WASHINGTON – President Bush on Tuesday shut a loophole that defense contractors had been using to avoid paying millions of dollars in payroll taxes.
Bush signed into law the Heroes Earnings Assistance and Relief Tax Act, which provides tax relief for military families. Included in the legislation is a provision that would treat foreign subsidiaries of U.S. government contractors as American employers. That means they now have to pay the taxes that finance Social Security and Medicare programs.
Defense companies such as Combat Support Associates and KBR Inc. set up shell companies in the Cayman Islands and other tax havens to avoid paying those taxes on their American workers.
In May, The Associated Press reported that Combat Support Associates, which has offices in Orange, Calif., created CSA Ltd. just months after winning a military support contract that has totaled more than $2 billion.
But there's scant evidence that CSA Ltd. exists. There's no listed office address or phone number in the Cayman Islands, which is a British territory. Records show the corporation is registered with Close Brothers, an investment house in the Caymans.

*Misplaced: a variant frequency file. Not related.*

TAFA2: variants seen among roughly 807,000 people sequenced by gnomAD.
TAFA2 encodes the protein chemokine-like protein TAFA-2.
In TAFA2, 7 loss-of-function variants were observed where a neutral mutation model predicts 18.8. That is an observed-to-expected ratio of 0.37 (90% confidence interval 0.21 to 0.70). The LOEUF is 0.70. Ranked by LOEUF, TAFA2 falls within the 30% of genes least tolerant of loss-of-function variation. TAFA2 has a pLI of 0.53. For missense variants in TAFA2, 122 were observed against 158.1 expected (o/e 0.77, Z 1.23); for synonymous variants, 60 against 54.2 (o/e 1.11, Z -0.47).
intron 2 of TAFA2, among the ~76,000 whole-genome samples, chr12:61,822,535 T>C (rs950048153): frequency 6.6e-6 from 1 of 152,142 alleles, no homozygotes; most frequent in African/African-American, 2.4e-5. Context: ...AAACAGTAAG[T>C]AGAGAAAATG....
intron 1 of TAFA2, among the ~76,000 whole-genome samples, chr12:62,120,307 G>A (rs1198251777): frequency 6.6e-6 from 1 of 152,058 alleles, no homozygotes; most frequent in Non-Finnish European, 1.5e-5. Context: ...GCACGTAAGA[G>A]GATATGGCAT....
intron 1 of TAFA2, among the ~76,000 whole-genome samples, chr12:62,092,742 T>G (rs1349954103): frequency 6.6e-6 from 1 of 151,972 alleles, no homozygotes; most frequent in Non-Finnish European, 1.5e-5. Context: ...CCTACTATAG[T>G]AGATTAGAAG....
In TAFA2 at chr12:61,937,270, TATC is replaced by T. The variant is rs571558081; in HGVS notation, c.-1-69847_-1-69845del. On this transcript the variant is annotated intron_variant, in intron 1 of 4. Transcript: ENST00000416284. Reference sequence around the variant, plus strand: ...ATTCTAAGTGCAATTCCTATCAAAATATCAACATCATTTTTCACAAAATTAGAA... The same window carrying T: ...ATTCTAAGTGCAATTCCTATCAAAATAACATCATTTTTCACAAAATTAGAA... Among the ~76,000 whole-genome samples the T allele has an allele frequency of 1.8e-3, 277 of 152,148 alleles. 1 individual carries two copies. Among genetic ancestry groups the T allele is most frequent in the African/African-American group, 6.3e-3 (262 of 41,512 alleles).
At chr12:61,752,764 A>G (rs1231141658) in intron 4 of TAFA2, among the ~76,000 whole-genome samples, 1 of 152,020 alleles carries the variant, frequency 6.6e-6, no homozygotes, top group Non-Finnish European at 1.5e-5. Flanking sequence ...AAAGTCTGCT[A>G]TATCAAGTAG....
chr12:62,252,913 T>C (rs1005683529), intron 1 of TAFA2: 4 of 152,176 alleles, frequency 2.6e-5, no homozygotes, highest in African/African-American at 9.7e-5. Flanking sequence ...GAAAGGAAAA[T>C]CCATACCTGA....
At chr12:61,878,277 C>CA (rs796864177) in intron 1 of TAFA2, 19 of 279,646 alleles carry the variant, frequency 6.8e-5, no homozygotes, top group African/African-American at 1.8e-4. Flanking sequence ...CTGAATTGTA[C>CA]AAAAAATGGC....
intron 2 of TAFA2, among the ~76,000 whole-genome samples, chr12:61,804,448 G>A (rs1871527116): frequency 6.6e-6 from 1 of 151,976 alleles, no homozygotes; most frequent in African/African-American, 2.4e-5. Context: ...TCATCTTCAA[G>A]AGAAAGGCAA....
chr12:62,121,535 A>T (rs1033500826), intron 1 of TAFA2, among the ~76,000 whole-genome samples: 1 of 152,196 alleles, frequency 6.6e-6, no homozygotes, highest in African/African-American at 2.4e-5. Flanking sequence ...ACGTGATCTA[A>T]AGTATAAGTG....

Lawmakers wanted to end the practice, which has become widespread among American businesses. The Senate Finance Committee estimates that thousands of companies have registered in the Caymans to dodge taxes. The losers, the committee said, are ordinary Americans who foot a larger share of the bill to pay for programs that benefit the elderly and the disabled.
Democratic presidential candidate Barack Obama said in March that setting up shell companies "turns the idea of patriotism on its head."
The Joint Committee on Taxation estimates that shutting the employment tax loophole would bring in about $846 million in revenue over 10 years.
"By reining in tax-dodging private contractors who use gimmicks to avoid their basic responsibilities, this Congress chose good governance and accountability over cronyism and favoritism," said John Krieger of U.S. PIRG, a federation of public interest groups, on Tuesday.